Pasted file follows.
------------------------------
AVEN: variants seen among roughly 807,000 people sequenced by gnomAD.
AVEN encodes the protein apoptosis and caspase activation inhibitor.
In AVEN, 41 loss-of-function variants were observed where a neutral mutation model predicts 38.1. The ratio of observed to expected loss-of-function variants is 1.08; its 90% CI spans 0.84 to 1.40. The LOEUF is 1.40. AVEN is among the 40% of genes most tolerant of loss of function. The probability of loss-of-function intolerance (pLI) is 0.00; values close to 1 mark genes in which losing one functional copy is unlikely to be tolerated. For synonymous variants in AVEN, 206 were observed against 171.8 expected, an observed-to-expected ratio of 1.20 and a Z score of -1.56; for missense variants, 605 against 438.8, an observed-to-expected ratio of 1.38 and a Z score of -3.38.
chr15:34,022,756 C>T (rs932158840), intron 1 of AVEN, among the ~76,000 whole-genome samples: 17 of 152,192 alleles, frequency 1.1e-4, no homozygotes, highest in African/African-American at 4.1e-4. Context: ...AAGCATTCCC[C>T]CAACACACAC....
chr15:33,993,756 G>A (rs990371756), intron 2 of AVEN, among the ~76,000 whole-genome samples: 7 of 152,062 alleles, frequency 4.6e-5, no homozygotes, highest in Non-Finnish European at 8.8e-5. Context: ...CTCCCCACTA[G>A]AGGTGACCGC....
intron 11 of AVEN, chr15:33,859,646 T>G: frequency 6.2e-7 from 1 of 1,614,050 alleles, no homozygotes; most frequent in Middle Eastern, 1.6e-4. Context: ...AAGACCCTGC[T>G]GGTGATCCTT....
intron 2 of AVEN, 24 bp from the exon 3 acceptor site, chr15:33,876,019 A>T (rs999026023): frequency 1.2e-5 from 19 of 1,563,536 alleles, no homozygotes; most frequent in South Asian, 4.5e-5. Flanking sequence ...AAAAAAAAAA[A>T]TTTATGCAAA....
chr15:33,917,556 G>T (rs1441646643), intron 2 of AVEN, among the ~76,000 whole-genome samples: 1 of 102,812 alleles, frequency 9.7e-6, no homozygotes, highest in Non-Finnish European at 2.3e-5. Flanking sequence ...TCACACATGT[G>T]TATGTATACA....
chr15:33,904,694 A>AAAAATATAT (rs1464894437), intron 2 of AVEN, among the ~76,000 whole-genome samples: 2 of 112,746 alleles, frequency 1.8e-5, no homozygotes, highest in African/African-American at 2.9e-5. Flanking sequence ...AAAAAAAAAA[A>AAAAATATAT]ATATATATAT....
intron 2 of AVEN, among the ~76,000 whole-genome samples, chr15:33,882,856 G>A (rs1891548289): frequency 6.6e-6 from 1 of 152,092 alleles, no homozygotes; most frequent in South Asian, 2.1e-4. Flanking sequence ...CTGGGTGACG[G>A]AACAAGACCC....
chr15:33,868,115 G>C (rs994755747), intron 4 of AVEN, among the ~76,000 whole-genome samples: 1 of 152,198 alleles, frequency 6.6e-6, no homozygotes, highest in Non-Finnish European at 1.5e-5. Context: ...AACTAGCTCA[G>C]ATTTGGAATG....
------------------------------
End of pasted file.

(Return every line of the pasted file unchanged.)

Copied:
AVEN: variants seen among roughly 807,000 people sequenced by gnomAD.
AVEN encodes the protein apoptosis and caspase activation inhibitor.
In AVEN, 41 loss-of-function variants were observed where a neutral mutation model predicts 38.1. The ratio of observed to expected loss-of-function variants is 1.08; its 90% CI spans 0.84 to 1.40. The LOEUF is 1.40. AVEN is among the 40% of genes most tolerant of loss of function. The probability of loss-of-function intolerance (pLI) is 0.00; values close to 1 mark genes in which losing one functional copy is unlikely to be tolerated. For synonymous variants in AVEN, 206 were observed against 171.8 expected, an observed-to-expected ratio of 1.20 and a Z score of -1.56; for missense variants, 605 against 438.8, an observed-to-expected ratio of 1.38 and a Z score of -3.38.
chr15:34,022,756 C>T (rs932158840), intron 1 of AVEN, among the ~76,000 whole-genome samples: 17 of 152,192 alleles, frequency 1.1e-4, no homozygotes, highest in African/African-American at 4.1e-4. Context: ...AAGCATTCCC[C>T]CAACACACAC....
chr15:33,993,756 G>A (rs990371756), intron 2 of AVEN, among the ~76,000 whole-genome samples: 7 of 152,062 alleles, frequency 4.6e-5, no homozygotes, highest in Non-Finnish European at 8.8e-5. Context: ...CTCCCCACTA[G>A]AGGTGACCGC....
intron 11 of AVEN, chr15:33,859,646 T>G: frequency 6.2e-7 from 1 of 1,614,050 alleles, no homozygotes; most frequent in Middle Eastern, 1.6e-4. Context: ...AAGACCCTGC[T>G]GGTGATCCTT....
intron 2 of AVEN, 24 bp from the exon 3 acceptor site, chr15:33,876,019 A>T (rs999026023): frequency 1.2e-5 from 19 of 1,563,536 alleles, no homozygotes; most frequent in South Asian, 4.5e-5. Flanking sequence ...AAAAAAAAAA[A>T]TTTATGCAAA....
chr15:33,917,556 G>T (rs1441646643), intron 2 of AVEN, among the ~76,000 whole-genome samples: 1 of 102,812 alleles, frequency 9.7e-6, no homozygotes, highest in Non-Finnish European at 2.3e-5. Flanking sequence ...TCACACATGT[G>T]TATGTATACA....
chr15:33,904,694 A>AAAAATATAT (rs1464894437), intron 2 of AVEN, among the ~76,000 whole-genome samples: 2 of 112,746 alleles, frequency 1.8e-5, no homozygotes, highest in African/African-American at 2.9e-5. Flanking sequence ...AAAAAAAAAA[A>AAAAATATAT]ATATATATAT....
intron 2 of AVEN, among the ~76,000 whole-genome samples, chr15:33,882,856 G>A (rs1891548289): frequency 6.6e-6 from 1 of 152,092 alleles, no homozygotes; most frequent in South Asian, 2.1e-4. Flanking sequence ...CTGGGTGACG[G>A]AACAAGACCC....
chr15:33,868,115 G>C (rs994755747), intron 4 of AVEN, among the ~76,000 whole-genome samples: 1 of 152,198 alleles, frequency 6.6e-6, no homozygotes, highest in Non-Finnish European at 1.5e-5. Context: ...AACTAGCTCA[G>C]ATTTGGAATG....